Mr Karriman returned this month alongside a handful of heavily armed members donning bulletproof vests when Michael Brown anniversary events turned violent in Ferguson once again.

Image source, AP
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Earlier this year, Oath Keepers served as armed guards for a gold mine in Oregon that was embroiled in a bitter land dispute with the federal government

He said they were welcomed back when they returned in August to help protect two journalists there following an attack on a St Louis Post-Dispatch reporter several days earlier.

"We engaged with them [protesters] all night, telling them we're there to protect people's rights and make sure they're safe."

But some videos posted on YouTube showed verbal confrontations between Oath Keepers and protesters who were angered by their presence.

One protester was filmed asking an Oath Keeper member "If you're armed, why can't the protesters be armed? Doesn't the second amendment apply to them too?"

Another man remarks, "what about protecting black people?", to which the so-called Oath Keeper replied: "All lives matter, sure."


St Louis County Police Chief Jon Belmar, quoted by NBC news, said the group's presence was "both unnecessary and inflammatory". The county police department later said it was investigating to see if the men had broken any laws.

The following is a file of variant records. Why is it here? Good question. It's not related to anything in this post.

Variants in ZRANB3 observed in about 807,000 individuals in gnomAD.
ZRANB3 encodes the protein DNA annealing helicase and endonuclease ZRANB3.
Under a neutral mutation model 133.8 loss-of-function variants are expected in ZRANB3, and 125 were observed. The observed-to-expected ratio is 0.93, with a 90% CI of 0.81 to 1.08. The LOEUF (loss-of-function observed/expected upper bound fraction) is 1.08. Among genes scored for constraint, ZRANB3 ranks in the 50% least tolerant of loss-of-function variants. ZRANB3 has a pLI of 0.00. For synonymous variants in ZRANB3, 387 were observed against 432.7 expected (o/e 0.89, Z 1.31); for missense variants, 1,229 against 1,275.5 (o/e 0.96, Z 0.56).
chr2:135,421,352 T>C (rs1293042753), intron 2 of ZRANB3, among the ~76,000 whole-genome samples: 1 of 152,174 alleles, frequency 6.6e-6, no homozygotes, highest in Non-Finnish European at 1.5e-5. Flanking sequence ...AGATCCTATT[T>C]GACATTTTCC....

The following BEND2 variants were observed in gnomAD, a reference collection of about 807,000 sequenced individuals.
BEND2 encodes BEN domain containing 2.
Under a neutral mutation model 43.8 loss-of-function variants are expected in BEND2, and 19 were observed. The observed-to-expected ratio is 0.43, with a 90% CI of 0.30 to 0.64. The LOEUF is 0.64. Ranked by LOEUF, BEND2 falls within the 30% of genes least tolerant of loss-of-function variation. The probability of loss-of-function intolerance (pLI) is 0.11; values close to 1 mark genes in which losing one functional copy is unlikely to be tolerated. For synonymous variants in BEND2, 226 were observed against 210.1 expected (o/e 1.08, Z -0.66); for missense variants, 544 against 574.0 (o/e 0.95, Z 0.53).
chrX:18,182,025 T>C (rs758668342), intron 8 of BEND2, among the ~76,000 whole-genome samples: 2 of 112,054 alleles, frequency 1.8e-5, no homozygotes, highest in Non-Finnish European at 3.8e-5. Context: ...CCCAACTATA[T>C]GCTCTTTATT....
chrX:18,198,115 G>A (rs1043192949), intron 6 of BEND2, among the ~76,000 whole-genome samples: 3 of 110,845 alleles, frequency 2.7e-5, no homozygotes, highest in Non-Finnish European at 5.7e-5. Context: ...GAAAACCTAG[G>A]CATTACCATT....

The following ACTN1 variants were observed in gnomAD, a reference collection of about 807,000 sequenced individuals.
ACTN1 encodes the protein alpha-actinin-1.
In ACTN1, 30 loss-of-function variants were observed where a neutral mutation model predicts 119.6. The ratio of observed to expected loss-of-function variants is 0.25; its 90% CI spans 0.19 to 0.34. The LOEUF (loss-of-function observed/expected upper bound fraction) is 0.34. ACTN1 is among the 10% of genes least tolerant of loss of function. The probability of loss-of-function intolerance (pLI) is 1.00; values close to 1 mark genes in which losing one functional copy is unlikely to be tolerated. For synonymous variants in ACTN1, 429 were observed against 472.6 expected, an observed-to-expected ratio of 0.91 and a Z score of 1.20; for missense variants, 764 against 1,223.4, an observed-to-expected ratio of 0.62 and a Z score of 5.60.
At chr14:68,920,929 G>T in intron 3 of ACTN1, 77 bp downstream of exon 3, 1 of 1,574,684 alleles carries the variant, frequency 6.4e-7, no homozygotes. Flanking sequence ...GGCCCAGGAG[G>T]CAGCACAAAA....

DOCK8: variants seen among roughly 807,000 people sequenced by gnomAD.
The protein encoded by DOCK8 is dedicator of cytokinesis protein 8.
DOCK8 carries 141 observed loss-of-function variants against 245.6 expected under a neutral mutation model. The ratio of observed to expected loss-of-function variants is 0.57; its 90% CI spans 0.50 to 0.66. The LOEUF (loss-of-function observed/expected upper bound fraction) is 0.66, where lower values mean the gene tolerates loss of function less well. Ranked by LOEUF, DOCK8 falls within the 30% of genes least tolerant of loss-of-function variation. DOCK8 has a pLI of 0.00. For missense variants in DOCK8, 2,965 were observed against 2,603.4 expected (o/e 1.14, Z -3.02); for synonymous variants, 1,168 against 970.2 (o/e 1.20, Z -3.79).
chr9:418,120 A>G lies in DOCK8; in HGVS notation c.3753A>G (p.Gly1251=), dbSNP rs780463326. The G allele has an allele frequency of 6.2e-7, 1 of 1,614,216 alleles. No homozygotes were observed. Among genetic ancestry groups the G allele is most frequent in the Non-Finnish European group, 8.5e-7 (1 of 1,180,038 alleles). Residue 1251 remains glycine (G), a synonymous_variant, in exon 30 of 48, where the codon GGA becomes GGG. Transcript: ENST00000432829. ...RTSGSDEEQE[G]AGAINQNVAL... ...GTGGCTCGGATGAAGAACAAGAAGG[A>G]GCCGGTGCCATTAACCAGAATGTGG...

One of its critics, the Southern Poverty Law Center, has described the group as a "fiercely anti-government, militaristic group" and added its founder Stewart Rhodes to the organisation's list of "extremists".

The group is not openly racist like the KKK, senior fellow at the centre Mark Totok says, but "the idea of sending four or five lilywhite guys to defend a reporter among crowds of people protesting the shootings of black men is incredible".

"These are boys with big guns crying wolf, and we can only hope they don't wind up shooting someone by accident," he told the BBC.

But the group's leaders deny accusations it is a militia, anti-governmental or racist.

In an interview with Reason magazine in 2011, founder Stewart Rhodes rejected the far right characterisation of his group by such organisations and the media. "I'm a quarter Mexican. I'm part Apache Indian. I'm hardly a poster child for white supremacy."